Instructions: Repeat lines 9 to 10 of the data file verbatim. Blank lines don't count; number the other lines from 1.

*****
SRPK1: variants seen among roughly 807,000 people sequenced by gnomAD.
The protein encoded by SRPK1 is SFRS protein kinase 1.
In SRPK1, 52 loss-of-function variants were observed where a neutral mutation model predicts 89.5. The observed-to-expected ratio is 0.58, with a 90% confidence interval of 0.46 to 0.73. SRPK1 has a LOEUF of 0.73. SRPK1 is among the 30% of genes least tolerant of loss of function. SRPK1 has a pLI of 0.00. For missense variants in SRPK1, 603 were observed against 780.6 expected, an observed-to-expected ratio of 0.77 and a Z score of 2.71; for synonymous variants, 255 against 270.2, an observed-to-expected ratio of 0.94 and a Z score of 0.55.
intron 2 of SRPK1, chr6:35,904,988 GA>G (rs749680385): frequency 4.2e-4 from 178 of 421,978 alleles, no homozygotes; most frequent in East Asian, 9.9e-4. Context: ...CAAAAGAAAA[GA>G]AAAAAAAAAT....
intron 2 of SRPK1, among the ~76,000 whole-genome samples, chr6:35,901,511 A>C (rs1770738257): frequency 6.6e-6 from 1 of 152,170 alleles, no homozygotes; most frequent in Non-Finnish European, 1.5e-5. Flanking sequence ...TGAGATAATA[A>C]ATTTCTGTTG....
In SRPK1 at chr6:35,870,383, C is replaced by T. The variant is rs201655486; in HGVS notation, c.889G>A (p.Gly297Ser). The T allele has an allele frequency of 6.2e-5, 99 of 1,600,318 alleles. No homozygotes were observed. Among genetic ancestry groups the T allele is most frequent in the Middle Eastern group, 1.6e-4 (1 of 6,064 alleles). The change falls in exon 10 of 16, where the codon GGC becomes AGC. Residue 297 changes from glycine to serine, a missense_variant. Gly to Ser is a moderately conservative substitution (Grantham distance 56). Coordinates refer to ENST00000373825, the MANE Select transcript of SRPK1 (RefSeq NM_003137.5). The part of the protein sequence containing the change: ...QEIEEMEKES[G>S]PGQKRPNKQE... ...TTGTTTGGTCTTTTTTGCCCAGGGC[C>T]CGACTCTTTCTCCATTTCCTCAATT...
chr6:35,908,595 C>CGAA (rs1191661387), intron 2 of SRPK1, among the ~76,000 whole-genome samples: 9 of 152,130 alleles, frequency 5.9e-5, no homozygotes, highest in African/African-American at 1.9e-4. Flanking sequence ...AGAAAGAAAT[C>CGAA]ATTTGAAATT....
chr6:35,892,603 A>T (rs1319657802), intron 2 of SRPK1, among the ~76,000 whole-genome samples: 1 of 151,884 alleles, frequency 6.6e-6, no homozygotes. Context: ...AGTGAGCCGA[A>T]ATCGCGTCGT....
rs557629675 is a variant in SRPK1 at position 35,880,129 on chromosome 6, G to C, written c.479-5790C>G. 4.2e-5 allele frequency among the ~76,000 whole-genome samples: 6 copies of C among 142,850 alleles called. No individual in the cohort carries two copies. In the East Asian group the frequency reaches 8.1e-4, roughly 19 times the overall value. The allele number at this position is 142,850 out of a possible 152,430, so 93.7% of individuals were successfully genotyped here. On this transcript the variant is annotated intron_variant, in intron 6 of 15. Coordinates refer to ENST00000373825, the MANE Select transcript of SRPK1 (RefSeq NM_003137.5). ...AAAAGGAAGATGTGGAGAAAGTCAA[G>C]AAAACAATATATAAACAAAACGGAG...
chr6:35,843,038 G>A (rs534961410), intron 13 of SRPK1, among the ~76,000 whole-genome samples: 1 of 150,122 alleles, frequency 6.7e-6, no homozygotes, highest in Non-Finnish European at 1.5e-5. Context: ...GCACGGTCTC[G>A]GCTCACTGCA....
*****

rs557629675 is a variant in SRPK1 at position 35,880,129 on chromosome 6, G to C, written c.479-5790C>G. 4.2e-5 allele frequency among the ~76,000 whole-genome samples: 6 copies of C among 142,850 alleles called. No individual in the cohort carries two copies. In the East Asian group the frequency reaches 8.1e-4, roughly 19 times the overall value. The allele number at this position is 142,850 out of a possible 152,430, so 93.7% of individuals were successfully genotyped here. On this transcript the variant is annotated intron_variant, in intron 6 of 15. Coordinates refer to ENST00000373825, the MANE Select transcript of SRPK1 (RefSeq NM_003137.5). ...AAAAGGAAGATGTGGAGAAAGTCAA[G>C]AAAACAATATATAAACAAAACGGAG...
chr6:35,843,038 G>A (rs534961410), intron 13 of SRPK1, among the ~76,000 whole-genome samples: 1 of 150,122 alleles, frequency 6.7e-6, no homozygotes, highest in Non-Finnish European at 1.5e-5. Context: ...GCACGGTCTC[G>A]GCTCACTGCA....